I Am Thunder is a teen/ya book I received from NetGalley last year. I am trying to reduce the number of ARCs I take, but there are so many temptations that come my way it’s hard to resist. At one stage I wished I had resisted I Am Thunder, because rather than being unable to put it down, I rather wished I could stop before it got… well, see the review!
I Am Thunder
“Fifteen-year-old Muzna Saleem, who dreams of being a writer, struggles with controlling parents who only care about her studying to be a doctor. Forced to move to a new school in South London after her best friend is shamed in a scandal, Muzna realizes that the bullies will follow her wherever she goes. But deciding to stand and face them instead of fighting her instinct to disappear is harder than it looks when there’s prejudice everywhere you turn. Until the gorgeous and confident Arif shows an interest in her, encouraging Muzna to explore her freedom.
But Arif is hiding his own secrets and, along with his brother Jameel, he begins to influence Muzna with their extreme view of the world. As her new freedom starts to disappear, Muzna is forced to question everything around her and make a terrible choice – keep quiet and betray herself, or speak out and betray her heart?
A stunning new YA voice which questions how far you’ll go to protect what you believe in.” [Goodreads, their quote marks]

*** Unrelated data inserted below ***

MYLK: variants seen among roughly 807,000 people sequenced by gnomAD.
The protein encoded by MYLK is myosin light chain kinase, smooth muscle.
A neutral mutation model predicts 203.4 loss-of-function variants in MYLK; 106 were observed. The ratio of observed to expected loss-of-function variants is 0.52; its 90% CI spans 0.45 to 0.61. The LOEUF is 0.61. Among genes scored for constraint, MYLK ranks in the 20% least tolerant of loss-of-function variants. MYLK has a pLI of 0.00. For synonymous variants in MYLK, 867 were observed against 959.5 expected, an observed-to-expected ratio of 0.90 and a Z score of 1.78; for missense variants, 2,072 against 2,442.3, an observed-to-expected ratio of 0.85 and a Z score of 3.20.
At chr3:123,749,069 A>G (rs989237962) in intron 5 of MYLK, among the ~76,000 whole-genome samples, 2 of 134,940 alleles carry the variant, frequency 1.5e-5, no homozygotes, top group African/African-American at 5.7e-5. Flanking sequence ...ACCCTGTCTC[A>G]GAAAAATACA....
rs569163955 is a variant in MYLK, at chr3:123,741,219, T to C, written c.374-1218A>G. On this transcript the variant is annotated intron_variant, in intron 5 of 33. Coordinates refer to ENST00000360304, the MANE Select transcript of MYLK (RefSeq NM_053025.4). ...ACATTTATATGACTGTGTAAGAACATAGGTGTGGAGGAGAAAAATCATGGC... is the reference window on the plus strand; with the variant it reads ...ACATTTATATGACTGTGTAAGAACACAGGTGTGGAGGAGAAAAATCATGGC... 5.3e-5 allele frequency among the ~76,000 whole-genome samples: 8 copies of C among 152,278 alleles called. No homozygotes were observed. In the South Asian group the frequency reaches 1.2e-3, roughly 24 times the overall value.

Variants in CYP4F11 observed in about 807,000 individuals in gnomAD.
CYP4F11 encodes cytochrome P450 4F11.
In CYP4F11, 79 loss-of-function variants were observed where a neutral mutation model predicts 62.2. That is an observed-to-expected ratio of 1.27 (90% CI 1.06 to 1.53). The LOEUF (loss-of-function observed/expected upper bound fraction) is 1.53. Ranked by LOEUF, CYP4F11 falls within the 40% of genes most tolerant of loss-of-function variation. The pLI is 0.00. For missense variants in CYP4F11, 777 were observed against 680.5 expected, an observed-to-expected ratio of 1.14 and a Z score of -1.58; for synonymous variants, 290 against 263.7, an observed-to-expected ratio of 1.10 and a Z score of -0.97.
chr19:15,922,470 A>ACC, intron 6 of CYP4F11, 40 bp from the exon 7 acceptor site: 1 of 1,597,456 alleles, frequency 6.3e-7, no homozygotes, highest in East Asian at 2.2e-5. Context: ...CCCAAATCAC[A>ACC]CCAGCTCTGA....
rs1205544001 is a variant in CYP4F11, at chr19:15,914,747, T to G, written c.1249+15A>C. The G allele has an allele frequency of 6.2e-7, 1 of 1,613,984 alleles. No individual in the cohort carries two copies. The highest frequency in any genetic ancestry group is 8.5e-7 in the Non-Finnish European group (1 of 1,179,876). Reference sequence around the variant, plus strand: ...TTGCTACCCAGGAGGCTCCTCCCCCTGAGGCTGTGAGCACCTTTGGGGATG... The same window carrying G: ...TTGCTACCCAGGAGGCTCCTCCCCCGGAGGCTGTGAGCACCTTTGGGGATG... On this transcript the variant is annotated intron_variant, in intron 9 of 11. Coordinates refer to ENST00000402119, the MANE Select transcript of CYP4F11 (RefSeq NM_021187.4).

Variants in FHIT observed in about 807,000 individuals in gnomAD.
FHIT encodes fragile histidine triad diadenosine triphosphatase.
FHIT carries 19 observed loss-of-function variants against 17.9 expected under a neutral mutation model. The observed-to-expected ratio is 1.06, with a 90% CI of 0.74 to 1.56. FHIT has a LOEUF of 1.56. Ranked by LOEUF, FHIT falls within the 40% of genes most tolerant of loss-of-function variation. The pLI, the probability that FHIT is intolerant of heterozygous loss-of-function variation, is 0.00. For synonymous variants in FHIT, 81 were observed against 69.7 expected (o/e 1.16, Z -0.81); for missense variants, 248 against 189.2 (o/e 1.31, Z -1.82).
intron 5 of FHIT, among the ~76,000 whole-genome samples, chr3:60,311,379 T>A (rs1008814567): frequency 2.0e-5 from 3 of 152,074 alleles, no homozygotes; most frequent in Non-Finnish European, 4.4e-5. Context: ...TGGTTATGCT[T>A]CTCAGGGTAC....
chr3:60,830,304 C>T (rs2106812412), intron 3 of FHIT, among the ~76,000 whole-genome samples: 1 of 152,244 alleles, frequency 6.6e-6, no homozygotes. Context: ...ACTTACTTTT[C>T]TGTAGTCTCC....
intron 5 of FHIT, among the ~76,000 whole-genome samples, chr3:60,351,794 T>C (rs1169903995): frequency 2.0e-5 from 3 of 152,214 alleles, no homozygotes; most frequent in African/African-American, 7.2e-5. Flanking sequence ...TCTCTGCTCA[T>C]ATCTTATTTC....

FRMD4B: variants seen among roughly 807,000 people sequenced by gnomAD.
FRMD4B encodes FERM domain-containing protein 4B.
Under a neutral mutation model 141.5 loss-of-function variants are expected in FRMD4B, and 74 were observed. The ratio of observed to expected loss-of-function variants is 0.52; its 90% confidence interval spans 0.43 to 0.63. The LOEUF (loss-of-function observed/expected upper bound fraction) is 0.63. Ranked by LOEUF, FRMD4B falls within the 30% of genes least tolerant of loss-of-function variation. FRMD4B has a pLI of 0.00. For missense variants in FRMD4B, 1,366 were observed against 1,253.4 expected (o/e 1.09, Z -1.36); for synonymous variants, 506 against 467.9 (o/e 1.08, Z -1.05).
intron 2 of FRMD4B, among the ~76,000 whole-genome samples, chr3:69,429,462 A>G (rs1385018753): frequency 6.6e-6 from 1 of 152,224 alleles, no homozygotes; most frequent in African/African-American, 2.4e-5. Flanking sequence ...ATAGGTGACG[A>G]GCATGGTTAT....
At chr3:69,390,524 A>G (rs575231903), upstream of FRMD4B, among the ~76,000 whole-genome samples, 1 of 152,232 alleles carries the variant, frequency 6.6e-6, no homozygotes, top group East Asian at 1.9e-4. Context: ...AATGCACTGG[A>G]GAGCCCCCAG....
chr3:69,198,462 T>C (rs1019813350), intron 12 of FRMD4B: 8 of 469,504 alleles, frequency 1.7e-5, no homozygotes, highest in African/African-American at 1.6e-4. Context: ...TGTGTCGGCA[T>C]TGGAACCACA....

This is a thoroughly believable novel, or rather thriller, or maybe it’s suspense, about contemporary life in London. Since the author is/was a contemporary London schoolteacher (secondary i.e. ages 11-16), I can well believe the sorts of things that go on, even if it seems a far cry from my experience of school in London. That’s what fifty years does for you.
Muzna is an engaging character, full of the normal doubts and fears about her place in society – especially the classroom – with the added confusion of a strict, potentially sheltered upbringing by parents who wish to engage their Britishness while not upsetting their tight-knit Muslim community. Thinking of how stressful those teen hormone years are anyway, it’s a wonder Muzna, and others like her, don’t explode under the pressure of all this contradictory conformism. The writing comes across as a sensitive study from one who has seen this pressure on kids, over and over again. Yet it does not inhibit a freshness of language (my editor would have a fit), and some amazingly descriptive pieces that launch the wired world into your face. “Picturing a Wall of Calm, I imagined sticking my head in it” was the only quote I highlighted, but there were plenty of paragraphs that deserved cherishing.
I feared where this was all heading. On the one hand, I feared it descending into a Reluctant Fundamentalist clone for YA, another revelation of how the West forces reasonable people into corners until all they can do is fight back. I also feared for the relationships between the teens, and especially Muzna’s blindness to what was obvious to everyone else. But that was only too real. Jane Austen would have recognised the syndrome.
The big build was slow, detailed and full of cultural confusion. The climax was horrific, horrendous, and brilliantly developed. The finale was carefully wrought, and sensibly unsensational. It’s a brilliant book. The only reason I didn’t give it five stars was because I was, for two considerable periods of time, afraid to go back to it. Maybe it’s me who’s the reluctant fundamentalist.
I should give it the extra star it deserves (I now have). It’s not to everyone’s taste, full of teen angst, and a lesson to adults in both what grooming is and the cack-handed way we’re addressing it. But actually, everyone should read it.